By Eileen Persike, Editor
Last winter, when the temperatures were below zero and the snow banks were piled high, Pelican Elementary School teacher Amy Rogers was thinking of spring. It’s not uncommon for anyone in the Northwoods to be dreaming of warmer days ahead in the dead of winter, but Rogers had something green and more specific in mind: a garden.
“I’ve always wanted to start a school vegetable garden at Pelican School,” Rogers said. “Having been involved with Newbold School’s garden in the past, I thought it would be a great opportunity for Pelican School as well. “
Northwoods LEAN (Linking Education, Activity & Nutrition) is a coalition that promotes a culture of healthy living through physical activity and nutrition in Oneida and Vilas Counties. Last winter the group offered garden based nutrition grant funds to schools, summer programs and after school programs that serve children. Rogers jumped at the opportunity; applied for and received a $1,500 grant to start a garden – the largest amount offered.
“Pelican School did a phenomenal job with the application,” said Community Health Specialist and LEAN coalition member Kyla Waksmonski. “One of our goals is to utilize garden-based nutrition interventions to increase the number of students who eat fruits and vegetables, and the Pelican staff is doing an incredible job of implementing this.”
The garden began as an open plot of land in the corner of the playground, and a pile of dirt. It was up to the oldest students at Pelican, the third graders, to rake it into shape. “There was just a big pile of topsoil and just our class and another class of third graders smoothed it out,” said student Brady Congleton, who has experience working in his grandparents’ gardens. While using the tools is Brady’s favorite part of gardening, he does like the fruits and vegetables that come from the hard work, especially one particular perennial. “I like growing rhubarb,” he said. “My grandma makes homemade rhubarb pie and it’s so good!”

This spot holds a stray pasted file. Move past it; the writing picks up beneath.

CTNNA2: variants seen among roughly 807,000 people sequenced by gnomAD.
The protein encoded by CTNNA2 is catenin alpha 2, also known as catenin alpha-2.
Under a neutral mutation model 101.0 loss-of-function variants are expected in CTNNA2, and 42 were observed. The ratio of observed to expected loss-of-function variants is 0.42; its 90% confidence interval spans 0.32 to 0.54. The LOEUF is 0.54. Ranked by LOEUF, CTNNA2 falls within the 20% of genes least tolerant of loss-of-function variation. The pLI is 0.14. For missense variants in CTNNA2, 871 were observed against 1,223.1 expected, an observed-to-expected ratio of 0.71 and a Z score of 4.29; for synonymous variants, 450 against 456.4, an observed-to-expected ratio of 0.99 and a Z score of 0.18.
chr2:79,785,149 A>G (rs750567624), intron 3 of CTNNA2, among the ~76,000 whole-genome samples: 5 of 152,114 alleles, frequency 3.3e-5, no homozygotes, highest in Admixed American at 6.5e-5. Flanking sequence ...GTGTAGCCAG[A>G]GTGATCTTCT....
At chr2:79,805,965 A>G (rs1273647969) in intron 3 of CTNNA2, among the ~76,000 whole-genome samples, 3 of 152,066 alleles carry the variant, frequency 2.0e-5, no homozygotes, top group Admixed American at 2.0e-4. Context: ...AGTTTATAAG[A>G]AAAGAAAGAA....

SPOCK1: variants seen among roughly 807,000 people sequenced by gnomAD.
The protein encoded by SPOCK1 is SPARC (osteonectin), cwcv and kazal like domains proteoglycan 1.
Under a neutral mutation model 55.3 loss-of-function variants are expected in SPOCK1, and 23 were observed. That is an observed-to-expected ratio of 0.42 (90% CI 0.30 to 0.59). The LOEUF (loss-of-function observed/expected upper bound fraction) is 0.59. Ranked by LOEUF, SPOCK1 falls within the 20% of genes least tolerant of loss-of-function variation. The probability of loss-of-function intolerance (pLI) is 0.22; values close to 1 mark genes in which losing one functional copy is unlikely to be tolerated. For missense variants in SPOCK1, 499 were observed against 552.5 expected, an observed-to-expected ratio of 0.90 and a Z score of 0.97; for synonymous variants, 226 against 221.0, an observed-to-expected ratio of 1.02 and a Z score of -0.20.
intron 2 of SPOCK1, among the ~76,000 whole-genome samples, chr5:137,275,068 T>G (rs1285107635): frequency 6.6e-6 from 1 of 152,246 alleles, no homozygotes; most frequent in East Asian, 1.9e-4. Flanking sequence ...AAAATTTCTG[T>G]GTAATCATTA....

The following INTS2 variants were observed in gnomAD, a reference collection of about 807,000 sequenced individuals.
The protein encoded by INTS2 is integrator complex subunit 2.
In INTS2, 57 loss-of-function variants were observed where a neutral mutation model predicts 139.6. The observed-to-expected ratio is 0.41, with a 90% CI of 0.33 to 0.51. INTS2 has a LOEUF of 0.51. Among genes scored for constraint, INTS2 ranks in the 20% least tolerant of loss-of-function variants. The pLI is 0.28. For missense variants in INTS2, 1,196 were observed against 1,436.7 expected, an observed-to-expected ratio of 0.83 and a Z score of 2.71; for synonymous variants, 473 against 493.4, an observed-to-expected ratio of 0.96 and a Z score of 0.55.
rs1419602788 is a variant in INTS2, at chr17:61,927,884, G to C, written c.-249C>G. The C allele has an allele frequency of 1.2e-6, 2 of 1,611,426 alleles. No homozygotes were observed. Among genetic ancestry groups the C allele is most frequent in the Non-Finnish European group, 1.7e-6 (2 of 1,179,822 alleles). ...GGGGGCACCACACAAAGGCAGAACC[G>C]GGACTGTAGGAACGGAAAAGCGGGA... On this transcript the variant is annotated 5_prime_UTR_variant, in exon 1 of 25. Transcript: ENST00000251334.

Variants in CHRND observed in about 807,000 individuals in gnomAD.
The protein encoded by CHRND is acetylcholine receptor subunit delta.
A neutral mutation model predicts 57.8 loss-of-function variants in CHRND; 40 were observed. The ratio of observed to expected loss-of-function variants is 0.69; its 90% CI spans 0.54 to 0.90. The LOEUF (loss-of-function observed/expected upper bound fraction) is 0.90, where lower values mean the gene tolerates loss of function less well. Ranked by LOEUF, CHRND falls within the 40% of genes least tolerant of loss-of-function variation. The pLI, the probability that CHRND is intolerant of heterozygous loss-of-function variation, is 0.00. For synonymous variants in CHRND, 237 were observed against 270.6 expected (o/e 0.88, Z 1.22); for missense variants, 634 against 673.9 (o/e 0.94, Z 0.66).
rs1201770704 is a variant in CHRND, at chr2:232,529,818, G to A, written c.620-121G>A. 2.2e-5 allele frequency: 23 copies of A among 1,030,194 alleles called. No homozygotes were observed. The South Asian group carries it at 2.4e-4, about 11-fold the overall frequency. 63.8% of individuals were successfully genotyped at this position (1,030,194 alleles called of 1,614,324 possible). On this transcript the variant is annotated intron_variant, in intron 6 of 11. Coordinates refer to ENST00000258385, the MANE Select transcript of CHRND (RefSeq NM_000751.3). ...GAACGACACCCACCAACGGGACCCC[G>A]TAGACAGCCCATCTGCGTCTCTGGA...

Third grader Mya Krouze knows all about the steps of planting a garden; she has helped her mother with their garden at home.
Weeding is usually Mya’s job, but on this day she is planting tomatoes. “The best part is planting it and watching it grow and picking all the stuff,” Mya said. “Carrots and peas are my favorites.”
The garden is divided into four sections; one for each grade level at the school. Earlier this week, the first graders were charged with planting teeny tiny radish and carrot seeds, covering them with dirt and giving them a drink of water.
The long term goal for the garden based nutrition intervention initiative, according to Waksmonski, is twofold; that students will report eating more fresh fruits and vegetables and the school district will make policy changes that support increased student fruit and vegetable intake. In the short term, give students increased knowledge of healthy eating.
A volunteer signup sheet went home to all Pelican School families, asking for help with the gardening tasks over the summer. “We’ve had an awesome turnout and look forward to working together on this project,” teacher Rogers said. “I hope students will be actively engaged in the process of the garden. We are looking forward to enjoying the fruits of our labor in the fall!”